The reader may be confused at this point, and rightly so, so let me explain. We have two (fallible) accounts of the martyrdom of St. Alban and his guard, from St. Bede and Bulter’s Lives of the Saints. They both record that just before the martyrdom of St. Alban and his guard, St. Alban prayed for “water” which he miraculously received! St. Bede then goes on to say that the guard died unbaptized! Butler’s says that the water was merely to “refresh” Alban’s thirst! With all due respect to St. Bede and the good things in Butler’s, how obvious does it have to be? A Saint, who had a few minutes to live and who had a convert wanting to enter the Church of Christ, would not call for miraculous water in order to “refresh his thirst”! He obviously called for the miraculous water to baptize the converted guard, and God provided it for the sincere convert, since “unless a man is born again of water and the Holy Ghost, he cannot enter into the Kingdom of God.” This is a prime example of how the errors of baptism of blood and desire have been perpetuated – by passing down the fallible conclusions of fallible men, for instance, by passing down the ridiculous conclusion that the guard died unbaptized when these very accounts admit of the presence of miraculously received water! And this example of St. Alban and his guard, which actually shows the absolute necessity of the Sacrament of Baptism, is frequently and falsely used against the necessity of the Sacrament of Baptism.
It is also interesting to consider how much “faith” obstinate baptism of desire advocates have in the fallible accounts and conclusions of historians – such as the obviously ridiculous conclusion of Fr. Butler that the guard died unbaptized when he admits that St. Alban received miraculous water! – while they dismiss the infallible defined dogmatic statements. The fact of the matter is that they don’t really have faith in these accounts, but emphasize them because they like what they say: that people don’t need baptism.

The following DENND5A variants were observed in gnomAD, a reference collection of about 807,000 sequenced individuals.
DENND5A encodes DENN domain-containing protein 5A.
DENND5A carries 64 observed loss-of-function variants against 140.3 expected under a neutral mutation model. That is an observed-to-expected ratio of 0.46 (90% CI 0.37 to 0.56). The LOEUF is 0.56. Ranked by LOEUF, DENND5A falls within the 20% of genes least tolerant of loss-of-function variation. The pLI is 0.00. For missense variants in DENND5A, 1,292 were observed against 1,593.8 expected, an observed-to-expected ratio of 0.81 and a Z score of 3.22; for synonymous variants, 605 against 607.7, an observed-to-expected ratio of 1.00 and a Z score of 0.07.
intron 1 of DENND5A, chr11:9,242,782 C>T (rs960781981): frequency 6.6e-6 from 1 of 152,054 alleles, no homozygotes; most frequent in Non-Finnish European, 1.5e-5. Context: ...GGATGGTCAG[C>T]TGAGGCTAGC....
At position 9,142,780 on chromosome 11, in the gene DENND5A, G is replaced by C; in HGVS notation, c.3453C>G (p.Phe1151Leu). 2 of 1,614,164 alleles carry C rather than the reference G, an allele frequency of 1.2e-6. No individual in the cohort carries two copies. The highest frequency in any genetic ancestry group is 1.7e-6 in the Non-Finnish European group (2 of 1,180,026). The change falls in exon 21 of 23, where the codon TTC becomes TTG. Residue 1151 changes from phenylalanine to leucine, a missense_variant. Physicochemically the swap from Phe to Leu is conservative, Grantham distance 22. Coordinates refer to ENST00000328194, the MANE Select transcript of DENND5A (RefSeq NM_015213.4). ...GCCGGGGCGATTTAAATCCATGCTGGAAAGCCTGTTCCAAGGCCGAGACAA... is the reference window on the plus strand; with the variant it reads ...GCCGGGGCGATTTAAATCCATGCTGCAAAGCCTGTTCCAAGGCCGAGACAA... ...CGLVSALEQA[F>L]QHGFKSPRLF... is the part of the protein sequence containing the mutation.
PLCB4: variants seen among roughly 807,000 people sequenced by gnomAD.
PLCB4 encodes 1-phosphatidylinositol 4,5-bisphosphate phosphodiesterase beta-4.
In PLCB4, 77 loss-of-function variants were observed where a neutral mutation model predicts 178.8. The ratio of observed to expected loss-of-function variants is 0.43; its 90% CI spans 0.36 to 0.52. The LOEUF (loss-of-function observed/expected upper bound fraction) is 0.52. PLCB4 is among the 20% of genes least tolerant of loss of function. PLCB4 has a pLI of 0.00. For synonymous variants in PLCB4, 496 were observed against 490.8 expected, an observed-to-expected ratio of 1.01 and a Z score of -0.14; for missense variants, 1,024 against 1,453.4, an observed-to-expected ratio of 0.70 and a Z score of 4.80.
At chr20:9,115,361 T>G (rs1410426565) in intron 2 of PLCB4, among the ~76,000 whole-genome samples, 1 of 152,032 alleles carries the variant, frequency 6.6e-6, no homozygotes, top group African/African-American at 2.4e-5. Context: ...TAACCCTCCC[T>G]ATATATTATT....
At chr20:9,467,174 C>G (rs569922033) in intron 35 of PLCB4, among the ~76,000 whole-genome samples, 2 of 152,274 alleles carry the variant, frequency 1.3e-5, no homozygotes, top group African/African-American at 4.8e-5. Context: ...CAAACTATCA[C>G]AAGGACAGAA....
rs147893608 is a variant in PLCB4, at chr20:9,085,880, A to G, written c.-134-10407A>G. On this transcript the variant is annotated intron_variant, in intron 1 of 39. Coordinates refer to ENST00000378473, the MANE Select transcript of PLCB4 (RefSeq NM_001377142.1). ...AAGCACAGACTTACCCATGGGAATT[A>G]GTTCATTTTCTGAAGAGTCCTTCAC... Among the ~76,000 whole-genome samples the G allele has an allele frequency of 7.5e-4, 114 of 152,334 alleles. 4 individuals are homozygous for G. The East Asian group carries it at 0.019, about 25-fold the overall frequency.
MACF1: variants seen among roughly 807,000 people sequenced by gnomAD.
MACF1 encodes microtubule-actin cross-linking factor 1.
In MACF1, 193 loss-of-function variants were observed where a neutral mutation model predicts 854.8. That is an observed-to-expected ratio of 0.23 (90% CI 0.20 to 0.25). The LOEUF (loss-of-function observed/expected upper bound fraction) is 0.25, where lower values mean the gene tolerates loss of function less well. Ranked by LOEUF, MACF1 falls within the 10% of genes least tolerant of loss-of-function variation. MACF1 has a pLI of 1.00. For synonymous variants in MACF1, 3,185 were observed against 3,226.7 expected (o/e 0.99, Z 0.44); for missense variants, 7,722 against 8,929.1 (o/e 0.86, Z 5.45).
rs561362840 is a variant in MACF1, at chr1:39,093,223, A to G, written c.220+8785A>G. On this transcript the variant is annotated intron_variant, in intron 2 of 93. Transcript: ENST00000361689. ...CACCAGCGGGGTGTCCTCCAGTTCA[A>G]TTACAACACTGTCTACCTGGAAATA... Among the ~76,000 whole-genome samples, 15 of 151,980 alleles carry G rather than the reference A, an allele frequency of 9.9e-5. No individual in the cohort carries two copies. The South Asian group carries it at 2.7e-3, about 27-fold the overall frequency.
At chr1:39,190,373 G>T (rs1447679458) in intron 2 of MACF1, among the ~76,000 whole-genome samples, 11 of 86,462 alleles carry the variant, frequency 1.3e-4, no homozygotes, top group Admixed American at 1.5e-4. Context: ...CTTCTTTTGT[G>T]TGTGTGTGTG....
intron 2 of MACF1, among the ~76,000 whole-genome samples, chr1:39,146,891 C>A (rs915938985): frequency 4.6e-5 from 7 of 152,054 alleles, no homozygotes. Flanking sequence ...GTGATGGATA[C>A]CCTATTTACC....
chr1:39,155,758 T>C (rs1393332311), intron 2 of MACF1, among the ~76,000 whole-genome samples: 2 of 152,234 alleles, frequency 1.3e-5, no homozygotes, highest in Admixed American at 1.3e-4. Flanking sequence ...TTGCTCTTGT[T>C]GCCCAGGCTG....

Pope Eugene IV, The Council of Florence, “Exultate Deo,” Nov. 22, 1439, ex cathedra: “Holy baptism, which is the gateway to the spiritual life, holds the first place among all the sacraments; through it we are made members of Christ and of the body of the Church. And since death entered the universe through the first man, ‘unless we are born again of water and the Spirit, we cannot,’ as the Truth says, ‘enter into the kingdom of heaven’ [John 3:5]. The matter of this sacrament is real and natural water.”
This means that Our Lord Jesus Christ’s declaration that no man can be saved without being born again of water and the Holy Ghost is a literal dogma of the Catholic Faith.
Pope Paul III, The Council of Trent, Can. 2 on the Sacrament of Baptism, Sess. 7, 1547, ex cathedra: “If anyone shall say that real and natural water is not necessary for baptism, and on that account those words of Our Lord Jesus Christ: ‘Unless a man be born again of water and the Holy Spirit’ [John 3:5], are distorted into some sort of metaphor: let him be anathema.”
Pope Paul III, The Council of Trent, Can. 5 on the Sacrament of Baptism, Sess. 7, 1547, ex cathedra: “If anyone says that baptism [the sacrament] is optional, that is, not necessary for salvation (cf. Jn. 3:5): let him be anathema.”
I’m just wondering, do you believe that baptism of desire applies only to people who desire baptism and believe in Christ, or do you believe that people who don’t even desire baptism or believe in Christ (such as certain Jews, Buddhists, Muslims) could be united to the Church and saved?